Research into cannabinoids, the cannabis plant, and actual reports of which conditions patients are using it for are lining up neatly in a new analysis, The Associated Press reports.
The analysis was published in the journal Health Affairs. While it did not look at the outcomes of patient use, it attempted to find connections between what conditions patients were treating with medical cannabis and which scientific research suggested they do so. The two aligned fairly well.
“The majority of patients for whom we have data are using cannabis for reasons where the science is the strongest.” — Kevin Boehnke of University of Michigan in Ann Arbor, lead study author, via The Associated Press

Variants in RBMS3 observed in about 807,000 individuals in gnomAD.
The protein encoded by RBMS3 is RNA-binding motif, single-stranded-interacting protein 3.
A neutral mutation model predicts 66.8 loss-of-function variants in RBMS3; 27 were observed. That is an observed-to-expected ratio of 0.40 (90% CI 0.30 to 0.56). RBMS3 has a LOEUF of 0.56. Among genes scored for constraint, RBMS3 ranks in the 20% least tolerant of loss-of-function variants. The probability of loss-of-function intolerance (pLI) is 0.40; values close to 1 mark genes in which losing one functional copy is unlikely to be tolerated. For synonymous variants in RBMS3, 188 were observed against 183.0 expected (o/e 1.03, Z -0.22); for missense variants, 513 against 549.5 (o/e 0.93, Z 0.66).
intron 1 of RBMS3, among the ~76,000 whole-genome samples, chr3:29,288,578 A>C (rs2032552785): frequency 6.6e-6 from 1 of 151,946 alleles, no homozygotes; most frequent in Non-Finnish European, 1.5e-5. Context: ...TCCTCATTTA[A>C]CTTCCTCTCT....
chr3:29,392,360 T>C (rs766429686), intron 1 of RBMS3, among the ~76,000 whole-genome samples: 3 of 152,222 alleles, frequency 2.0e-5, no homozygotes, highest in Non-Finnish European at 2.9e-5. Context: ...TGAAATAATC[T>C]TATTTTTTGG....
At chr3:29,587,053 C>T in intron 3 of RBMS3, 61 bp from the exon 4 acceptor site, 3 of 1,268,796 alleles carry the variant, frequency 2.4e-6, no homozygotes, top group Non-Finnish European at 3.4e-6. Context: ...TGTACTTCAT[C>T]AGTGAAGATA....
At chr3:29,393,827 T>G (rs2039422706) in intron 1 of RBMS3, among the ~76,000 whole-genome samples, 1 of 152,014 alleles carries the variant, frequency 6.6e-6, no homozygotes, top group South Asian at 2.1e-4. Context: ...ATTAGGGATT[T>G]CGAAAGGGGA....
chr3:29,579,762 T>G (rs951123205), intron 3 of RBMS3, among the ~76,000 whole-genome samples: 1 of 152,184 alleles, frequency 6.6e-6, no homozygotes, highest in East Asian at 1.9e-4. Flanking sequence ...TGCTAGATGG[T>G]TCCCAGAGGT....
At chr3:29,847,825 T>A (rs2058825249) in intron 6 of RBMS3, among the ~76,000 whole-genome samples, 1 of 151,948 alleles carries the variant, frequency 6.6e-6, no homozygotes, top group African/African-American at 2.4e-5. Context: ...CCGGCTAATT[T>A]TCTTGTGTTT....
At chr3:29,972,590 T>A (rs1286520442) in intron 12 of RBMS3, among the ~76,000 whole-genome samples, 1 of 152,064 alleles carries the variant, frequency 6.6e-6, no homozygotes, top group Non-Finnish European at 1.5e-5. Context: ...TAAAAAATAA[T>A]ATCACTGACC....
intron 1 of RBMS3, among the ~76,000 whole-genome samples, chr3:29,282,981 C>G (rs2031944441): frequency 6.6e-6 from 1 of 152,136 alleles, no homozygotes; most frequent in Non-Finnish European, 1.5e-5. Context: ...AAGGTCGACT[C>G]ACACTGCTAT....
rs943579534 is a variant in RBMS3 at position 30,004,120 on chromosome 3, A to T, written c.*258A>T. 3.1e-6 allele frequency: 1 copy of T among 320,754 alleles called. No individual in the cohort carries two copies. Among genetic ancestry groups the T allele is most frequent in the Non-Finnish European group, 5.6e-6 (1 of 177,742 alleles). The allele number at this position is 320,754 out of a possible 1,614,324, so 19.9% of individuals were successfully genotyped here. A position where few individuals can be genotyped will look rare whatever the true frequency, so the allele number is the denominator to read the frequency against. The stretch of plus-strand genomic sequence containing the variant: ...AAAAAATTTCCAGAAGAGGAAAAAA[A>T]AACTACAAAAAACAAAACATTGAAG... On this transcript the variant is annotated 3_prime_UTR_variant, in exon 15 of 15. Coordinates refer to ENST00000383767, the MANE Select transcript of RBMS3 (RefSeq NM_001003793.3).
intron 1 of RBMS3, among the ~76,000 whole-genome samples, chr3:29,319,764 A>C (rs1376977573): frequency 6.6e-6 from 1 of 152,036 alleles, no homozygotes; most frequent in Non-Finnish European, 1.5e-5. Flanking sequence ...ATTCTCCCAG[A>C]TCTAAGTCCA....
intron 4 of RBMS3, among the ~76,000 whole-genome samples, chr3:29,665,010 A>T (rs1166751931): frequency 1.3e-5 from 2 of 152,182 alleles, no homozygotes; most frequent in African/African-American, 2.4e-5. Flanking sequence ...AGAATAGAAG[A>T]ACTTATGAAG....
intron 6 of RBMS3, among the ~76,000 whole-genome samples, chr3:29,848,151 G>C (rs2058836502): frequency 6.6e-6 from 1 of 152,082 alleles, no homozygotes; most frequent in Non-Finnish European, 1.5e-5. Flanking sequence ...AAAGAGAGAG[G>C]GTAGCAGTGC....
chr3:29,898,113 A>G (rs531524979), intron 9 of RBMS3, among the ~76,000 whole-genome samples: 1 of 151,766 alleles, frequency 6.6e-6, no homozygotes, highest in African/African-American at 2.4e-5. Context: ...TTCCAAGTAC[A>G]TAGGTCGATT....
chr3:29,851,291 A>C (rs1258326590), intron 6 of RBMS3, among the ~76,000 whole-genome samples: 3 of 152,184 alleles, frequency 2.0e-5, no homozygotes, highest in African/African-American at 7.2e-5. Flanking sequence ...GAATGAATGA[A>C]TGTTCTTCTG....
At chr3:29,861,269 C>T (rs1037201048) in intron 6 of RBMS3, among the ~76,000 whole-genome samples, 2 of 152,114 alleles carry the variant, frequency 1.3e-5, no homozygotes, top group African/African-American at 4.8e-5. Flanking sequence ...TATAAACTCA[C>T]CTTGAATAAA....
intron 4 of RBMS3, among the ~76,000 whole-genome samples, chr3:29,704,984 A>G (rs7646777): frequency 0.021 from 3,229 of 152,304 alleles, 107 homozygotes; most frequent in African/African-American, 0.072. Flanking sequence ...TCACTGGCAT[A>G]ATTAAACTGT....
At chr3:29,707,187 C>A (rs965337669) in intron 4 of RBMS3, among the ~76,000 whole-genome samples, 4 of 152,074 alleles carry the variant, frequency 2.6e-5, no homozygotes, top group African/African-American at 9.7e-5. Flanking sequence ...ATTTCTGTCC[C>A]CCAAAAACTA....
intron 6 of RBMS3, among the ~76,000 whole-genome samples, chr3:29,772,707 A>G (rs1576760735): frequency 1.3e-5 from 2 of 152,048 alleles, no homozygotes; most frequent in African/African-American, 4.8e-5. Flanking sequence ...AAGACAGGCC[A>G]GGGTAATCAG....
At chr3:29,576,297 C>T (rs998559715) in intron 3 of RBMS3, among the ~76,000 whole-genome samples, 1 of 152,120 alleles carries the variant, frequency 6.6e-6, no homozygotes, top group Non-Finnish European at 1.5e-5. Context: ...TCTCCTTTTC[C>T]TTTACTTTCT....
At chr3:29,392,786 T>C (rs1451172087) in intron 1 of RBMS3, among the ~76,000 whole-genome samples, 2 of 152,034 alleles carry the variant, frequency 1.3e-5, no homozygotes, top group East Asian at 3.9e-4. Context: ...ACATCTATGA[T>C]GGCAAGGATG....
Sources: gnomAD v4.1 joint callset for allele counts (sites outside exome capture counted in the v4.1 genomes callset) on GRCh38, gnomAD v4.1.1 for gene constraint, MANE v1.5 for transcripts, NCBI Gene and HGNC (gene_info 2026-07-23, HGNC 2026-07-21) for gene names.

About 85 percent of the reasons given by patients for their medical cannabis use were supported by substantial evidence. Nearly two-thirds of the 730,000 reasons analyzed said they use cannabis to treat chronic pain.
The analysis also discovered that Alaska, Colorado, Nevada, and Oregon saw a decline in medical cannabis patients after adult-use legalization. The study determined there were more than 800,000 registered patients in 19 state medical cannabis programs, which doesn’t include either California or Maine, where registration is not required. Some estimates that include those states indicate that there may be more than two million U.S. patients using medical cannabis.
The analysis provides yet further evidence debunking prohibitionist claims that cannabis isn’t medicine.
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